Ask Author Law

What to do if you get sued

January 19, 2015

Tags: Author Law, Writing, Sallie Randolph, Authorlaw, Copyright, Publishing, Books, Contracts, Collaboration Agreement, IP Law, Intellectual Property, Lawsuit, Defendant

Ask Author Law is a Q&A blog about legal issues for authors. I am a practicing attorney, freelance writer, and publishing consultant. I focus my law practice on the representation of authors, often consulting with or serving as co-counsel to other attorneys on publishing cases. This information is for general purposes only and is not legal advice. Asking a question or reading an answer does not create an attorney-client relationship.

Q: A local real estate broker hired me to write some columns under his name for a weekly newspaper. He was supposed to pay me $300 per column, on delivery. He was going to get the byline and own the copyright, but it was a ghostwriting job and he supplied the subject and the expertise, so those terms were acceptable to me. I did one column and delivered it. He paid me $300 and said he liked it. I did two more columns. He paid another $600 and asked me to finish as many as I could so heíd have a stock of columns all ready to go. I finished and delivered another seven columns and sent him an invoice for $2,100. Iím not sure what happened between him and the local paper, but the column didnít appear when he had told me it would. He didnít pay the invoice. I sent a second invoice, which he also ignored. I tried to call his office, but he didnít return my calls. During this period I got several other assignments, so I moved on and didnít follow up further with him. A few weeks went by and then, to my absolute shock, I received a computerized form notice from the municipal court that I was being sued for $1,000 by the broker. I tried to call the broker again, but he still didnít return my calls. Iím totally outraged and have absolutely no intention of paying him any money. He doesnít return my calls. Iím tempted just to throw this notice away. He canít prove anything against me, so why should I let him get away with this? What do you think?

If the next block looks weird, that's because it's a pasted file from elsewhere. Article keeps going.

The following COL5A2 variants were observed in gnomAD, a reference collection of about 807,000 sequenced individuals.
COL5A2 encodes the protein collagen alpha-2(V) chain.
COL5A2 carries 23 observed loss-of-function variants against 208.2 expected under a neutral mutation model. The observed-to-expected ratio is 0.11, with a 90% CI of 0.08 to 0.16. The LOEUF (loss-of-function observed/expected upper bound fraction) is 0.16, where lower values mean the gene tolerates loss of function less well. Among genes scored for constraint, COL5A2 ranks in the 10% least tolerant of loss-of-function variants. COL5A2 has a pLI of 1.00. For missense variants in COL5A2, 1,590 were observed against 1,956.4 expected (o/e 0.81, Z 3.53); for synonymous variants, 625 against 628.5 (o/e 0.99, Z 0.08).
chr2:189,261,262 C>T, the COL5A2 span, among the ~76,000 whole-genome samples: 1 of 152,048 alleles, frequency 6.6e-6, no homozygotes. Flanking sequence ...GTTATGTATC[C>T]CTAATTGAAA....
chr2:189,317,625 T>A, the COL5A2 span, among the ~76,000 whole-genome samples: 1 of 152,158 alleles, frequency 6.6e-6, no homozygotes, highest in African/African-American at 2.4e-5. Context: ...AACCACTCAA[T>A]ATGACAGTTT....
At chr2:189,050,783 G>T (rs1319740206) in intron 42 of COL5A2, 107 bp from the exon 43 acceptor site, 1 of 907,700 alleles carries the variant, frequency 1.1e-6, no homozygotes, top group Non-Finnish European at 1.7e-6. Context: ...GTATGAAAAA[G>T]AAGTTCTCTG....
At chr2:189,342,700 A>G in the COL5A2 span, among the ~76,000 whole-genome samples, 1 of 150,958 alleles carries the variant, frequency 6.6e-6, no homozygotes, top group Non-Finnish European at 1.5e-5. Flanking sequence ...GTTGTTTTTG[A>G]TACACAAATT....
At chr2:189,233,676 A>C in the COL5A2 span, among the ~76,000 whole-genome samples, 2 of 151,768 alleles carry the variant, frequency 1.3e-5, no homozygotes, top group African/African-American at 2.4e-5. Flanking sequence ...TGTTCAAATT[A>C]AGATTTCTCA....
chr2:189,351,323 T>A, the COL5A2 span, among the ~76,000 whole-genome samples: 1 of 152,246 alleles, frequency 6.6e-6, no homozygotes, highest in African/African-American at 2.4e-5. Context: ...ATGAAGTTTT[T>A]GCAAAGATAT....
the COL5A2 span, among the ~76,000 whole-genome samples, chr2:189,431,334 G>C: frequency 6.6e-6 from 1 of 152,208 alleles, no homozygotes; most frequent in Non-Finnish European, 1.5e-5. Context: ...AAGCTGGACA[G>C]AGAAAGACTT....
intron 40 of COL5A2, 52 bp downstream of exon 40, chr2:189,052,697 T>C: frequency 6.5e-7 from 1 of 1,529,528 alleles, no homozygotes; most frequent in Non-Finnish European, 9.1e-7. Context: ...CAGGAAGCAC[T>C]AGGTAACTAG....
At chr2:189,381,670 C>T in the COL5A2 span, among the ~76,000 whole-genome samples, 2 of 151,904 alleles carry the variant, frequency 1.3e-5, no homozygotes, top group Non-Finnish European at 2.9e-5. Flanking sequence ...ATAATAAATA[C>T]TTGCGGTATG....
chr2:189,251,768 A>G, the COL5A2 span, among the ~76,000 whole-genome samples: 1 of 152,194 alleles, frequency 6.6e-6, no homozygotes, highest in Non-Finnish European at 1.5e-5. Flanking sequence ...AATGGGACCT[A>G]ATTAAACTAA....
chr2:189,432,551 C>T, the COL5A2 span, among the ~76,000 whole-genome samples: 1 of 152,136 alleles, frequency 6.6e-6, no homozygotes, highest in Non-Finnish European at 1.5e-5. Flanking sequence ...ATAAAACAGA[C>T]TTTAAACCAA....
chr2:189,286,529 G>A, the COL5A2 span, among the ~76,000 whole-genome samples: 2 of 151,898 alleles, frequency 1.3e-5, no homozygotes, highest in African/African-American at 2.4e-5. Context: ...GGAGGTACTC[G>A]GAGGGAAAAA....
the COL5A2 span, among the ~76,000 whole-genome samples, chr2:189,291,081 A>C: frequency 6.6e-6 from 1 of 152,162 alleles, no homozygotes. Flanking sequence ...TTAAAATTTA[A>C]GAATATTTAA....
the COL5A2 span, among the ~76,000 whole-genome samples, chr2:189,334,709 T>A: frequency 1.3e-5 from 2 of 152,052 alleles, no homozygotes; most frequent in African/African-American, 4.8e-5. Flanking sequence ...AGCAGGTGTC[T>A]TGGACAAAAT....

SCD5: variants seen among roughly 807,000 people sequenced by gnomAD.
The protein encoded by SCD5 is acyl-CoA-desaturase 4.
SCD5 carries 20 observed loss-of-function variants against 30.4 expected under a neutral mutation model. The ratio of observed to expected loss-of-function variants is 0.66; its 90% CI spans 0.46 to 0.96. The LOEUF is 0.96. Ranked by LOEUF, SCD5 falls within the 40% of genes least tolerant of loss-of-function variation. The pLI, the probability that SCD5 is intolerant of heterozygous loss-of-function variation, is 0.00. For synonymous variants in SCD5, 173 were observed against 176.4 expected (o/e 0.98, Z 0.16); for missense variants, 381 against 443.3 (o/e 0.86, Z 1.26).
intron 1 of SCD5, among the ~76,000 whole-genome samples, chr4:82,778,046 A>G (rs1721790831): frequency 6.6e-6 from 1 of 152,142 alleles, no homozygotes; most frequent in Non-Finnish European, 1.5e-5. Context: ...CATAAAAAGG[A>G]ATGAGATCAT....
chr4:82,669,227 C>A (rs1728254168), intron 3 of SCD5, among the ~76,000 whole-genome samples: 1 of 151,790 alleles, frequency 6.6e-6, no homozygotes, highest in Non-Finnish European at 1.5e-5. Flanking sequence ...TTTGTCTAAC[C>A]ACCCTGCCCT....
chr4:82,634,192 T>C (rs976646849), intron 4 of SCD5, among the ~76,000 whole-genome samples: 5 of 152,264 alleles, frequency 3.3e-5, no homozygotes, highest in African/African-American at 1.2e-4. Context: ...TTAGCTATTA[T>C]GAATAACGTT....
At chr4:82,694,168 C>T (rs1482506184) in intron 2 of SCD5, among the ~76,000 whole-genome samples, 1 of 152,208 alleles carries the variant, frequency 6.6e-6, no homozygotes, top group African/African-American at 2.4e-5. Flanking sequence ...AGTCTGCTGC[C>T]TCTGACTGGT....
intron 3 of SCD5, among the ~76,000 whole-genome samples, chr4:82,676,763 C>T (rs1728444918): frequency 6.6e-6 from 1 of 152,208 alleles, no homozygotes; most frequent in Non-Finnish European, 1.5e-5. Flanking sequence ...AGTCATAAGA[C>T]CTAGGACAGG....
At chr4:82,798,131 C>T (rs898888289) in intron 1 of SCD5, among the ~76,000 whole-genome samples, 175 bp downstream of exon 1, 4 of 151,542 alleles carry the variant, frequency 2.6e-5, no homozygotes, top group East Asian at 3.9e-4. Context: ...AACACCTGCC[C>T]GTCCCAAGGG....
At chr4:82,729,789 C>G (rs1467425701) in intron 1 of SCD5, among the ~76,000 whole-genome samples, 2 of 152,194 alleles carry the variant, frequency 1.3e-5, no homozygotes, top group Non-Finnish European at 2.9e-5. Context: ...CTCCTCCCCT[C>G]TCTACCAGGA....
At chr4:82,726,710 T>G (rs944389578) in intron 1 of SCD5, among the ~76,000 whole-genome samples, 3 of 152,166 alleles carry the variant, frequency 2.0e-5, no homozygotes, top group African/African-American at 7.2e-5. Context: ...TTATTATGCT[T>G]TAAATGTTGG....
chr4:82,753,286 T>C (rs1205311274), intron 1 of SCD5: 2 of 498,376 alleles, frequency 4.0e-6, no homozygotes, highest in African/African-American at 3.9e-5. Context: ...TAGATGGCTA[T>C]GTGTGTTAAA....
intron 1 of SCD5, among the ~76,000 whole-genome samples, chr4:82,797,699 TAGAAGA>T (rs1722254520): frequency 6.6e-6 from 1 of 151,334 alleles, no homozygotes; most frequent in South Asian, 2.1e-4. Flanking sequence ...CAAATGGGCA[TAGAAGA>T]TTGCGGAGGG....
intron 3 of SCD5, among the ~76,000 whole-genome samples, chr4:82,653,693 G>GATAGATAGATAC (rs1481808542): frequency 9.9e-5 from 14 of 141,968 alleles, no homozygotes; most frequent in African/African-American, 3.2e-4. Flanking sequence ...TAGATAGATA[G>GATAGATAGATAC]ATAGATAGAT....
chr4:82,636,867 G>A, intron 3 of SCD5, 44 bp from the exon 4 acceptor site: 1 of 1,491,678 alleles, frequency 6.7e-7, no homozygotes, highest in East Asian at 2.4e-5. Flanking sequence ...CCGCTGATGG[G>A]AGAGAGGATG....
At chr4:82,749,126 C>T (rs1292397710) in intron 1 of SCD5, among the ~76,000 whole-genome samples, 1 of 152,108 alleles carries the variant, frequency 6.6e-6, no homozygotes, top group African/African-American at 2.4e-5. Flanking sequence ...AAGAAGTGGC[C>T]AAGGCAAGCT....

A: I share your outrage, but you canít just ignore this. Itís an absolutely awful feeling to be the defendant in a legal action. Youíre put in a position over which you have very little control. You have to show up on someone elseís timetable and answer to allegations that someone else has made. Itís especially awful when the allegations against you are without basis, as these seem to be. If you are like most of my clients who have been sued, youíre furious, upset, and afraid. This is completely understandable, and I sympathize. But you still need to deal with it.

You didnít identify the state where you live, but it sounds like youíre being sued in a small claims court. The following suggestions are based on that assumption. If you have any reason to believe that the notice youíve received is NOT a small claims summons, you should consult a lawyer promptly. If itís definitely a small claims case, you can defer your decision on whether to get a lawyer until farther along in the process.

Iíve found that defendants who survive the best are the ones who manage to channel their anger productively, detach as much as possible, and prepare for their defense methodically. I know this is easier said than done, but you should try your best to follow a process in which you verify the basics, gather information, then make and follow a plan, while remaining flexible and able to adapt to the various curve balls that may come your way. Youíll do best and youíll feel less helpless if you take a proactive stance, rather than an emotional, reactive one. Hereís where being a writer can be a major advantage. See if you can treat this as a writing project and bring your professional skills to bear. Even if you never write about this experience, a journalistic approach can help you get through it.

The first step is to verify the basics. Small claims courts are state courts, so the rules, procedures and applicable law can vary considerably from jurisdiction to jurisdiction. Itís not unusual for these courts to use a computerized summons served by mail. Thatís the case in New York, where I practice. Examine the notice you received. Make sure itís really from a court. Some collection agencies and lawyers send letters threatening legal action that resemble court documents.

At a minimum, it should give you instructions on when and where you should appear and some idea of what youíre being sued for. Any court dates or deadlines important here. Then you should check with the court to make sure you understand what is expected of you next. Many courts discourage telephone contact or use frustrating voice mail, but you should persevere. Often the best approach is to visit the court in person -- both to confirm the basics on your notice and, perhaps more important, to get a sense of the place and what happens there. If there is a session scheduled before your court date, attend as an observer. Sit up front where you can see and hear whatís going on.